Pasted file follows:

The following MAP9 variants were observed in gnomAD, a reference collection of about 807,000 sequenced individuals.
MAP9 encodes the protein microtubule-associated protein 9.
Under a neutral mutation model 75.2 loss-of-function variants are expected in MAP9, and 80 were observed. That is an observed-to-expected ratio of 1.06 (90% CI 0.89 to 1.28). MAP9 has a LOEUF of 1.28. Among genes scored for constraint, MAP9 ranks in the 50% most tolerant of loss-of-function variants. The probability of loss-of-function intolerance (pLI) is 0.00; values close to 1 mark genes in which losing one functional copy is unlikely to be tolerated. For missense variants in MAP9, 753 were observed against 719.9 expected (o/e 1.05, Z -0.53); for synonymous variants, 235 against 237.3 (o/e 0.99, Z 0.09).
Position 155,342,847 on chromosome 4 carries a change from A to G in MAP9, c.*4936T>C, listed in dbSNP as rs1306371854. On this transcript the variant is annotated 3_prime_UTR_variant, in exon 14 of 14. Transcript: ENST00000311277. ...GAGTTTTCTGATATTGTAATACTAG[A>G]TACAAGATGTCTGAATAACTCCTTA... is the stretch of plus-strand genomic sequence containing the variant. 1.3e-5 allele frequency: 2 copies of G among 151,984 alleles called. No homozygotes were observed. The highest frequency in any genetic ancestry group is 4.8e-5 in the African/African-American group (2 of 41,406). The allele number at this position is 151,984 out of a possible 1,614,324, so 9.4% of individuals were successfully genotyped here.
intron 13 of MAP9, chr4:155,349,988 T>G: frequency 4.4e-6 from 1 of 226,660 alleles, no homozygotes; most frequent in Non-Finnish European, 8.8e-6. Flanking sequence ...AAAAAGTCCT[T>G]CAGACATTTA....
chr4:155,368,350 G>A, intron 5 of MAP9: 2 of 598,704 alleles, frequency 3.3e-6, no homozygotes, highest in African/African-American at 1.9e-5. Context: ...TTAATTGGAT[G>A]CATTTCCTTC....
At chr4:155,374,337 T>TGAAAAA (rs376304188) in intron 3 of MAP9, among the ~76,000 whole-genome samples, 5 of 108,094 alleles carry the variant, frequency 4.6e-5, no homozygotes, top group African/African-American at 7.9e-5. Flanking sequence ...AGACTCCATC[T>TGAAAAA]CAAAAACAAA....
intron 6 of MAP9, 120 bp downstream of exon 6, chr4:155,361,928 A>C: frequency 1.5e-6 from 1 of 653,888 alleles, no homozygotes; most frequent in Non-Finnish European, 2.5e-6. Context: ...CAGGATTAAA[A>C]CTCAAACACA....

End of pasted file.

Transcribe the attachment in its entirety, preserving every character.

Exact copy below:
The following MAP9 variants were observed in gnomAD, a reference collection of about 807,000 sequenced individuals.
MAP9 encodes the protein microtubule-associated protein 9.
Under a neutral mutation model 75.2 loss-of-function variants are expected in MAP9, and 80 were observed. That is an observed-to-expected ratio of 1.06 (90% CI 0.89 to 1.28). MAP9 has a LOEUF of 1.28. Among genes scored for constraint, MAP9 ranks in the 50% most tolerant of loss-of-function variants. The probability of loss-of-function intolerance (pLI) is 0.00; values close to 1 mark genes in which losing one functional copy is unlikely to be tolerated. For missense variants in MAP9, 753 were observed against 719.9 expected (o/e 1.05, Z -0.53); for synonymous variants, 235 against 237.3 (o/e 0.99, Z 0.09).
Position 155,342,847 on chromosome 4 carries a change from A to G in MAP9, c.*4936T>C, listed in dbSNP as rs1306371854. On this transcript the variant is annotated 3_prime_UTR_variant, in exon 14 of 14. Transcript: ENST00000311277. ...GAGTTTTCTGATATTGTAATACTAG[A>G]TACAAGATGTCTGAATAACTCCTTA... is the stretch of plus-strand genomic sequence containing the variant. 1.3e-5 allele frequency: 2 copies of G among 151,984 alleles called. No homozygotes were observed. The highest frequency in any genetic ancestry group is 4.8e-5 in the African/African-American group (2 of 41,406). The allele number at this position is 151,984 out of a possible 1,614,324, so 9.4% of individuals were successfully genotyped here.
intron 13 of MAP9, chr4:155,349,988 T>G: frequency 4.4e-6 from 1 of 226,660 alleles, no homozygotes; most frequent in Non-Finnish European, 8.8e-6. Flanking sequence ...AAAAAGTCCT[T>G]CAGACATTTA....
chr4:155,368,350 G>A, intron 5 of MAP9: 2 of 598,704 alleles, frequency 3.3e-6, no homozygotes, highest in African/African-American at 1.9e-5. Context: ...TTAATTGGAT[G>A]CATTTCCTTC....
At chr4:155,374,337 T>TGAAAAA (rs376304188) in intron 3 of MAP9, among the ~76,000 whole-genome samples, 5 of 108,094 alleles carry the variant, frequency 4.6e-5, no homozygotes, top group African/African-American at 7.9e-5. Flanking sequence ...AGACTCCATC[T>TGAAAAA]CAAAAACAAA....
intron 6 of MAP9, 120 bp downstream of exon 6, chr4:155,361,928 A>C: frequency 1.5e-6 from 1 of 653,888 alleles, no homozygotes; most frequent in Non-Finnish European, 2.5e-6. Context: ...CAGGATTAAA[A>C]CTCAAACACA....